Being challenged to really dig down into that backpack full of old ‘stuff’ is not for the faint-of heart, but I know it is what I truly need to do in order to come ‘round right and be absolutely clear about why I am here and whether someone is going to die or live in the next little while.
In my previous post, I wrote the following crass remark about that person, one who I now realize did not deserve such criticism:
“I know there is so much more to me than the one dimensional façade I foisted on the world for so long.”
The person who has ‘taken care of business’ really does not deserve to be punished verbally or otherwise; he just did what seemed to be the right thing to do at the time, over and over for over fifty years. It didn’t always turn out well, but after all, it was a plan made by a child (almost an infant), so it didn’t go too badly, in retrospect.
What stimulated this reflection? In a post this morning, writing about early transitioning women, Anne wrote:
“What my friend pointed out was that what seems to stand out is that, not only did we KNOW something was wrong, we "FIXED IT", or died trying. Hmmmm.....That certainly gave me pause. Looking a bit deeper into this idea, and trying to give weight to all the reasons that people do not simply "fix it", I was forced to conclude that in those six individuals there existed a common denominator. It was uncompromising and focused determination.”
Anne and her friend transitioned early in their lives. Reading her post annoyed me at first, I will admit. Dammit, I have determination. What went wrong with me that I lost focus on myself and my needs (and it was real, do not be mistaken). It threw my mind into the past, and without a great amount of reflection, I wrote the following in a comment:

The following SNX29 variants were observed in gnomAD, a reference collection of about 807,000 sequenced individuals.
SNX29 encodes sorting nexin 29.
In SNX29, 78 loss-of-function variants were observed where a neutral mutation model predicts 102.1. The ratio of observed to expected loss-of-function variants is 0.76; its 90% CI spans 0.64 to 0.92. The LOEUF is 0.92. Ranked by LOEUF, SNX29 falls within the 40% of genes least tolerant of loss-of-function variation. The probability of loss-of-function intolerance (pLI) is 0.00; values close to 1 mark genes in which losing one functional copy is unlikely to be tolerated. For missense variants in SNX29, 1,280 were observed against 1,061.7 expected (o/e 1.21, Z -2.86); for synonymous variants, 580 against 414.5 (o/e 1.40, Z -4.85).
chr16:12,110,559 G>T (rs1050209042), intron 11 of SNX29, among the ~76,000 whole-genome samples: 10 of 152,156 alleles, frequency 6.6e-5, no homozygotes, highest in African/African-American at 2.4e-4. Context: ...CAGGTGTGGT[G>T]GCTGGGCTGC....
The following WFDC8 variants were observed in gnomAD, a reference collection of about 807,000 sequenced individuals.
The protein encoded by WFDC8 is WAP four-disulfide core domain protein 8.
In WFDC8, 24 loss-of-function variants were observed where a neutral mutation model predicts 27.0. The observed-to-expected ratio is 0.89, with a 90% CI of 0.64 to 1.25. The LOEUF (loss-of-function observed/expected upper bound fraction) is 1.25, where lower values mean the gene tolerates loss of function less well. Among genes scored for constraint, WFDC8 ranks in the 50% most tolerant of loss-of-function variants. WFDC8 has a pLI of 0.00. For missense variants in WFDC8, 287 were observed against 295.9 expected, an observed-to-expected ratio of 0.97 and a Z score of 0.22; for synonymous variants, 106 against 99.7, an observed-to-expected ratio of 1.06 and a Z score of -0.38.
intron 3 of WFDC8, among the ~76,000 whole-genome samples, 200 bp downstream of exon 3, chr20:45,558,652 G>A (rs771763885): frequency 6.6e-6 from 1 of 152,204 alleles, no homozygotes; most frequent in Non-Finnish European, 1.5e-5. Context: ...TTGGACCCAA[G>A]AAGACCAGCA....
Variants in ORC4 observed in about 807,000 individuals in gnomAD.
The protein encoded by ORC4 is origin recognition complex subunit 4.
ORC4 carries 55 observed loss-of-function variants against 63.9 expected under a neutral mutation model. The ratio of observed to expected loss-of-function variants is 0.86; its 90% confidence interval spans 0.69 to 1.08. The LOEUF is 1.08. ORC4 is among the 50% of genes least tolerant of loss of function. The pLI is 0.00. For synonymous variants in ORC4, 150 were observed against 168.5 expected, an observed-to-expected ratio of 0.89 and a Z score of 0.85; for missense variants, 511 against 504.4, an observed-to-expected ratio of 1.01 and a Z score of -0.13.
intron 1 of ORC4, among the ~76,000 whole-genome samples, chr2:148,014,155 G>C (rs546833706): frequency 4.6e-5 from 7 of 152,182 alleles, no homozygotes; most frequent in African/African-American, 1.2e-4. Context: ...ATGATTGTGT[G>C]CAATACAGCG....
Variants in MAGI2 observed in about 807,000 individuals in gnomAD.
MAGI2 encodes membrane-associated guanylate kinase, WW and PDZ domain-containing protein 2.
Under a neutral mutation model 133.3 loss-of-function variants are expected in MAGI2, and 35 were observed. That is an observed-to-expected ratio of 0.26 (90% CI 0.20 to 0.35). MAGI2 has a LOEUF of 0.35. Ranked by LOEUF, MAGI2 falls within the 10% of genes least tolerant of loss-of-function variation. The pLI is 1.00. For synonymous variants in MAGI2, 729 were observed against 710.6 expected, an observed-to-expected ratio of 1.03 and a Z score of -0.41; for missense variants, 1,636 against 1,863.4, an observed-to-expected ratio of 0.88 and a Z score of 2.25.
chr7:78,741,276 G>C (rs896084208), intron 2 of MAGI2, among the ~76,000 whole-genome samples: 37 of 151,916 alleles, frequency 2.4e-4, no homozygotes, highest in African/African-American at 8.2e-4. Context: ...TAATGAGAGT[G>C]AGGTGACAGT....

“In my case, taking all of the burdens of the world onto my own shoulders from about the age of three would have to be part of my 'problem'. Denial is another part of the formula.
Yes, my denial came in the form of single minded determination to not let anyone know that I was not the most powerful, capable force in the universe who could overcome anything inside or outside of myself and succeed.
A formula for a crash and burn if ever there was one. I managed for over fifty years.
Personally, I do not apologize. My world as a child was screwed up quite enough without acknowledging my 'little' problem, I guess.”
As it was flowing from my fingers, I realized these words from my heart were more than just a comment to Anne’s post. They were a revelation to a brain that has conveniently suppressed so much of my childhood.
So it would seem that my childish response to an event I had no active part in, and no control over at the age of three, created a person I have tried to live up to for the last fifty-five years. I’ve been adding to the weight of it every year. It is an enormous backpack my friends and nobody has ever asked me to carry it. If I put it down today, few will know.
Keep your mind open. You never can tell where your learning will come from or in what form it will arrive.
I am truly happy this morning; it is pleasant to hate myself a bit less... not forgiven, just understood a bit better.
Every now and then the axe blade hits the grain the right way, and a big log splits clean.ReplyDelete
Thanks for sharing.
xxoo - Petra